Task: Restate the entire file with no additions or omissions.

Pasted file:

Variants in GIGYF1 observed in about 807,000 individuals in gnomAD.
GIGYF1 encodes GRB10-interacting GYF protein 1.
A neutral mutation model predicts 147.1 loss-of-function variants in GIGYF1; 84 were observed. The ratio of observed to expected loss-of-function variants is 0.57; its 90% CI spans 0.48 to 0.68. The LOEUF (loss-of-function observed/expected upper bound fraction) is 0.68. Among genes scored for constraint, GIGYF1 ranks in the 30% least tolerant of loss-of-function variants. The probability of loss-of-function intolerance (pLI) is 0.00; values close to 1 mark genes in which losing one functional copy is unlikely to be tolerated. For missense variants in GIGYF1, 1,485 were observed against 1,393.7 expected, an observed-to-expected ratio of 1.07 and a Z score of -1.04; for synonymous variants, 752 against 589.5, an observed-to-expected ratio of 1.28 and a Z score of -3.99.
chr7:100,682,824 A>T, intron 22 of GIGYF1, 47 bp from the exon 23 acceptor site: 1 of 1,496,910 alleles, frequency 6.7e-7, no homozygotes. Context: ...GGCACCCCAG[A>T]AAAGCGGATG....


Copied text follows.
Variants in GIGYF1 observed in about 807,000 individuals in gnomAD.
GIGYF1 encodes GRB10-interacting GYF protein 1.
A neutral mutation model predicts 147.1 loss-of-function variants in GIGYF1; 84 were observed. The ratio of observed to expected loss-of-function variants is 0.57; its 90% CI spans 0.48 to 0.68. The LOEUF (loss-of-function observed/expected upper bound fraction) is 0.68. Among genes scored for constraint, GIGYF1 ranks in the 30% least tolerant of loss-of-function variants. The probability of loss-of-function intolerance (pLI) is 0.00; values close to 1 mark genes in which losing one functional copy is unlikely to be tolerated. For missense variants in GIGYF1, 1,485 were observed against 1,393.7 expected, an observed-to-expected ratio of 1.07 and a Z score of -1.04; for synonymous variants, 752 against 589.5, an observed-to-expected ratio of 1.28 and a Z score of -3.99.
chr7:100,682,824 A>T, intron 22 of GIGYF1, 47 bp from the exon 23 acceptor site: 1 of 1,496,910 alleles, frequency 6.7e-7, no homozygotes. Context: ...GGCACCCCAG[A>T]AAAGCGGATG....